Manny Ramirez Is No Entrepreneur’s Friend

I would be guilty of a great disservice if I did not comment on the Manny Ramirez trade fiasco from last week. I’m going to reach a little to relate this to entrepreneurship, but please keep an open mind and come along. For those of you unfamiliar with Manny Ramirez, he is a future Hall of Fame baseball player with a history of discontent with his team, and over the past four years has made multiple trade requests; finally lucking out last Thursday ‘(July 31, 2008)’ by getting his wish when the Boston Red Sox traded him to the Los Angeles Dodgers. A situation which reminds me of the book Good To Great by Jim Collins, a must read for any interested in entrepreneurship.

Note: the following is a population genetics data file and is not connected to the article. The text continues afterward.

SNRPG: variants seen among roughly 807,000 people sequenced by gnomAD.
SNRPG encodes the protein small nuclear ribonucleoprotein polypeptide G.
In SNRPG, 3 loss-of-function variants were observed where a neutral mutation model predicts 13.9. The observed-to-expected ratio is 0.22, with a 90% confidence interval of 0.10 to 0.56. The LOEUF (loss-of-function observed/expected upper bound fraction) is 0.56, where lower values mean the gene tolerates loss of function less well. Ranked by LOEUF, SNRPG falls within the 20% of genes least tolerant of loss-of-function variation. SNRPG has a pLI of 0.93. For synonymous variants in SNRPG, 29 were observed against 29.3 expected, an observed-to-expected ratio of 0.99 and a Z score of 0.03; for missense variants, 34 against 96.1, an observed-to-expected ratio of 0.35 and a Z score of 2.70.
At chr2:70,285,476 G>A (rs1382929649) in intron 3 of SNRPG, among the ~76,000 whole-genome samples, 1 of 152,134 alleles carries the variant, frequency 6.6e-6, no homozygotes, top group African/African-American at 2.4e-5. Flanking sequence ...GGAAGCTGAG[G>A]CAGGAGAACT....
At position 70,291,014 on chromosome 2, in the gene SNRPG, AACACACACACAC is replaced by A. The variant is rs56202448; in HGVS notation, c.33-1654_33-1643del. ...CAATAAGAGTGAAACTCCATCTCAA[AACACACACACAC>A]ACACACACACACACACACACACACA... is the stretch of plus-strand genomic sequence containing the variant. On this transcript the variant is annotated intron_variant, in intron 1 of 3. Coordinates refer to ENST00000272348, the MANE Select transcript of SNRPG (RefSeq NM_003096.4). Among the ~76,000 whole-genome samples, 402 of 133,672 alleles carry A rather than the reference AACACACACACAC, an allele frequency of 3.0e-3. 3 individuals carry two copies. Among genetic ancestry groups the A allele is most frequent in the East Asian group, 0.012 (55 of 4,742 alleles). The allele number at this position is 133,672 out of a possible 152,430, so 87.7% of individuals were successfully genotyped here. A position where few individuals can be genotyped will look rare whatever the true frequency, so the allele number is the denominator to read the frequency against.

In Good to Great, Collins analyzes eleven great companies (as determined by specific criteria) and uses data research to determine which characteristics make great companies great. My favorite characteristic of great companies Collins identifies is the “First Who… Then What” team building strategy. In other words, great companies get the right people on the bus, the wrong people off, and then go. Manny Ramirez was on the Boston Red Sox bus for seven and a half seasons; it took this long for the Red Sox organization to realize Ramirez did not belong on their bus. At the beginning and throughout every baseball season the Red Sox attempt to assemble the best team by getting the right people on their bus and the wrong ones off. Luckily, Red Sox management realized that a team member on their bus, Manny Ramirez, did not belong. Manny Ramirez was causing problems in the clubhouse, which included pushing a Red Sox employee almost twice his age to the ground; he was the source of the Red Sox stalling bus. To reach their destination, the Red Sox chose to change the bus’ route by going from a power hitting American League group of individuals to a high performing five-tool group of teammates. Since the Red Sox threw Ramirez off the bus, and picked up Jason Bay to take his spot, the Red Sox have won four of five games. I do not see them slowing down anytime soon. Now the Red sox have the right people on the bus, and they are ready to go from a good baseball club to a great baseball team. Just like the Good to Great companies Jim Collins analyzes, sky’s the limit for the 2008 Boston Red Sox!


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